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Mars Base Zero: Carbon Dioxide
Observations and Experiments
By Ray R. Collins
The carbon dioxide (CO2) level in Mars Base Zero has been fluctuating by 100 to 150 parts per million. These fluctuations appear synchronous with the temperature fluctuations, which vary by about 10° Fahrenheit because of a lag in our thermostat. Why does the CO2 fluctuate like this? A second observation is that the trend (over days) in CO2 is up 5-10% as the temperature warms up outside, which might allow for a warmer soil bed (and thus more microbial activity). The rest of this paper examines the possible causes of the short-term (20 minute) cycles in CO2.
a) More CO2 is given off by the soil in increased temperatures due to increased soil activity. If this is the case we should observe:
· As more water is added to the soil the CO2 should increase due to more microbial activity—the microbes are no doubt stressed due to water. (The soil in unplanted areas is very dry, for our humidity has been as low as 8%).
· As the temperature of the soil bed increases more CO2 should be given off. THE OPPOSITE OCCURS!
· There should be a delay between the air temperature and the CO2 increase, for it takes time for the temperature to move from the air down into the soil bed. THIS IS NOT OBSERVED!
· Therefore we can rule out increase soil microbial activity as a primary contributor to the short-term CO2 fluctuations.
b) The sensor may be temperature dependent, and give falsely low or high readings as the temperature varies. If this is the case we should observe:
· If the sensor is put in a sealed bottle the CO2 readings should continue to vary with temperature.
c) The plants should absorb more CO2 at higher temperatures, causing the CO2 to fall.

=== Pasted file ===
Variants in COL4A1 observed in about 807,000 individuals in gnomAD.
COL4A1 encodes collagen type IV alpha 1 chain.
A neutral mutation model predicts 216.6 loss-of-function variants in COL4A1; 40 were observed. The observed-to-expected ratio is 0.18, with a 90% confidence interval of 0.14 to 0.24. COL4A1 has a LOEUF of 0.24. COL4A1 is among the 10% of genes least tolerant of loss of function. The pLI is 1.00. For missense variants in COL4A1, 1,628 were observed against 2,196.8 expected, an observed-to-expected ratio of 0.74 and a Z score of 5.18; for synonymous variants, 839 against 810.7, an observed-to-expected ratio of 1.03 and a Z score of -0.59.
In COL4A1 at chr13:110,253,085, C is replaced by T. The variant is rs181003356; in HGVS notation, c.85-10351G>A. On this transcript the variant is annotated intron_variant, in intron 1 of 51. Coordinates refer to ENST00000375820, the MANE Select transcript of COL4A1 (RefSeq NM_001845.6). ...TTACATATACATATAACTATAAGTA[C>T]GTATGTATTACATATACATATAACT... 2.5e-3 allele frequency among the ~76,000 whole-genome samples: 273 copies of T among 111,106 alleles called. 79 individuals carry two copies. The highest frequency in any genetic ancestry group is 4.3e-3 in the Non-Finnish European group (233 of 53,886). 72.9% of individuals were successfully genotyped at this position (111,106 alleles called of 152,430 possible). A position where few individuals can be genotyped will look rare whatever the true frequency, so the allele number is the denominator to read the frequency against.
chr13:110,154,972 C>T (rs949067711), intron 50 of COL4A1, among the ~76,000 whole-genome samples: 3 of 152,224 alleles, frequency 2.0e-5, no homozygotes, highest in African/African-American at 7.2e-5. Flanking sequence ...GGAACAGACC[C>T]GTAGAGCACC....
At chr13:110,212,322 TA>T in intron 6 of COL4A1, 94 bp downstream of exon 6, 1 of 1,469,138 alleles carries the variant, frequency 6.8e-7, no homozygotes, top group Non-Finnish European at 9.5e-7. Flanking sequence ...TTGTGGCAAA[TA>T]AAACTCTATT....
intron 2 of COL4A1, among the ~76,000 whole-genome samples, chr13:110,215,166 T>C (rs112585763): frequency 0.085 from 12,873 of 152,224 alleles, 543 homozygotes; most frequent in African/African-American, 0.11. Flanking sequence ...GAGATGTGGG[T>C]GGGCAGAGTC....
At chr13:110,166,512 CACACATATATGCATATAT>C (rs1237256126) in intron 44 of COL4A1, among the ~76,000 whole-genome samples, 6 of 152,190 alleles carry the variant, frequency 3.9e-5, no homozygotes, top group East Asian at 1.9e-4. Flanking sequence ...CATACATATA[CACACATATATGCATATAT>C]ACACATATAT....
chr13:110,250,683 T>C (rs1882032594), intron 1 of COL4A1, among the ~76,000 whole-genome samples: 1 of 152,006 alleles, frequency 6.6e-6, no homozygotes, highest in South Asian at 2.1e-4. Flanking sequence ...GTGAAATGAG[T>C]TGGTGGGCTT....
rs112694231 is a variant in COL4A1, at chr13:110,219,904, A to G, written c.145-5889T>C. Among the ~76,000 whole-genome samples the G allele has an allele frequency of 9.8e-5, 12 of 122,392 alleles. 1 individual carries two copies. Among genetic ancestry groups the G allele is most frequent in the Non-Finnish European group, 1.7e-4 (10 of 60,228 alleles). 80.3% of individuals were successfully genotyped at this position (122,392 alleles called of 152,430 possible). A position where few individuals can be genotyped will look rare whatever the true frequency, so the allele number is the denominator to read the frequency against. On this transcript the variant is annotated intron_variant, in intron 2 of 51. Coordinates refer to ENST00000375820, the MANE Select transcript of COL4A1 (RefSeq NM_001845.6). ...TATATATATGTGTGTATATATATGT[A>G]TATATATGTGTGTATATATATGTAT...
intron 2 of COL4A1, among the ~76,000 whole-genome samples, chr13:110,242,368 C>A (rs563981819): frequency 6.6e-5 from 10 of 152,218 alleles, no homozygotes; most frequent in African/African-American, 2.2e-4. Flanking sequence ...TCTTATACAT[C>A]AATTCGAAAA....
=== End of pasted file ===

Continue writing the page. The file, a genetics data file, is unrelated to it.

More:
· The number of plants (3 square meters of wheat, 1 square meter of other plants) may not be sufficient to cause this reaction.
· There should be a lag between the time the plants warm up and the low in CO2, for it will take time for the plants to absorb CO2 from the air. This is NOT OBSERVED! There is no lag time.
d) Respiration of animals (chickens, humans) increases at higher temperatures. If this is the case we should observe:
· A low in the CO2 at the optimum temperature for the animals. THIS IS NOT OBSERVED.
· Size of the changes would be dependent on the number of occupants. THIS IS NOT OBSERVED.
· Therefore we can rule this possibility out.
Our observations above indicate that the CO2 is fluctuating due to sensor changes at different temperatures. So the experiment suggested above is done to see if this is the cause of the fluctuations.
Our CO2 sensor is plugged into a Universal Lab Interface and monitored on a 500-megahertz computer using Logger Pro. All software and hardware was purchased in December 1999 from Vernier Software.
The sensor was placed in an airtight bottle. Thus, if the sensor is sensitive to changes in air temperature it will continue to vary with temperature, though a slight delay should be observed as it takes time for the temperature to penetrate the bottle, with somewhat of a flattening effect. (Note: the temperature probe is located outside the bottle.)